Patent medicines attempted to draw people away from the advice of medical professionals through the use of visually attractive advertising cards. Their promises of painless cure-alls appealed to a population who for years suffered at the hands of those charged to heal them. While doctors struggled to identify the connections between mental illness and physical illness, patent medicine manufacturers advertised that to treat one would be to cure the other. The ingredients in these patent medicines were at times as harmful as the illness, but the process of taking them was far more pleasant and less painful than the alternative offered by doctors practicing “heroic medicine.” As medical theory progressed into the twentieth century, the American Medical Association fought against the use of patent medicines. This culminated in the passage of the Pure Food and Drug Act of 1906 requiring patent medicines to list their ingredients and be accurately labeled.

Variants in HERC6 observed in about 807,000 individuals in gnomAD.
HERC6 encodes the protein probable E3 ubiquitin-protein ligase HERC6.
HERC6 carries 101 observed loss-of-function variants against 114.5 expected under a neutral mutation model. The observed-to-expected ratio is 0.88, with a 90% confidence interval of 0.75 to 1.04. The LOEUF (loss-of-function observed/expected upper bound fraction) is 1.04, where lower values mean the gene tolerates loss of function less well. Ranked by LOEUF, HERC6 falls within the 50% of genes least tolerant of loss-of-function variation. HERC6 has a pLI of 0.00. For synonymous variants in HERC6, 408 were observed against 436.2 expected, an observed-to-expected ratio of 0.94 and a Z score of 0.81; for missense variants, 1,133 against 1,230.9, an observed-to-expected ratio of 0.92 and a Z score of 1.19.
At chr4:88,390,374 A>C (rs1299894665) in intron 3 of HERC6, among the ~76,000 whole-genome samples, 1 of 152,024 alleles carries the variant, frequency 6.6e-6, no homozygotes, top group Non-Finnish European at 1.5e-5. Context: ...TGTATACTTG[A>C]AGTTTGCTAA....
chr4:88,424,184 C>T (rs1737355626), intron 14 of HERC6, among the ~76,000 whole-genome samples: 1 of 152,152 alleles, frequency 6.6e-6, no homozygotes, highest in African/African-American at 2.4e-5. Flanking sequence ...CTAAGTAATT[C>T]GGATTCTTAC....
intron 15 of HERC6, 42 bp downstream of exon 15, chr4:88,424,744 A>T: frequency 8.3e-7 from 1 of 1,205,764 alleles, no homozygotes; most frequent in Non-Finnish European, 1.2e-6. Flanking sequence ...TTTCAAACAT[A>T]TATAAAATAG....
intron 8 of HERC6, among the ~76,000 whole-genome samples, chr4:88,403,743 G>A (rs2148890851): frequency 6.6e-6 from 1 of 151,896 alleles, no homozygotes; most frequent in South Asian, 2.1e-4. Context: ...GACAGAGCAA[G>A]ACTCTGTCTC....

Advertising cards created a world full of pleasant medical fixes, and patent medicine manufacturers learned how to sell these ideas in conjunction with their medicines. However, trade cards fell out of style at the turn of the century as mail-order catalog companies overtook the general stores that served as the cards’ origin point. Post card advertising grew in response to reduced postal regulations, also contributing to the decline of trade cards. The fact that so many of these cards have been preserved is directly attributable to their role as collectibles. Combined with a study of medical texts from the period, patent medicine advertising cards offer insight into the common ailments suffered by Americans, and help us understand the evolving and changeable nature of medicine in the nineteenth century.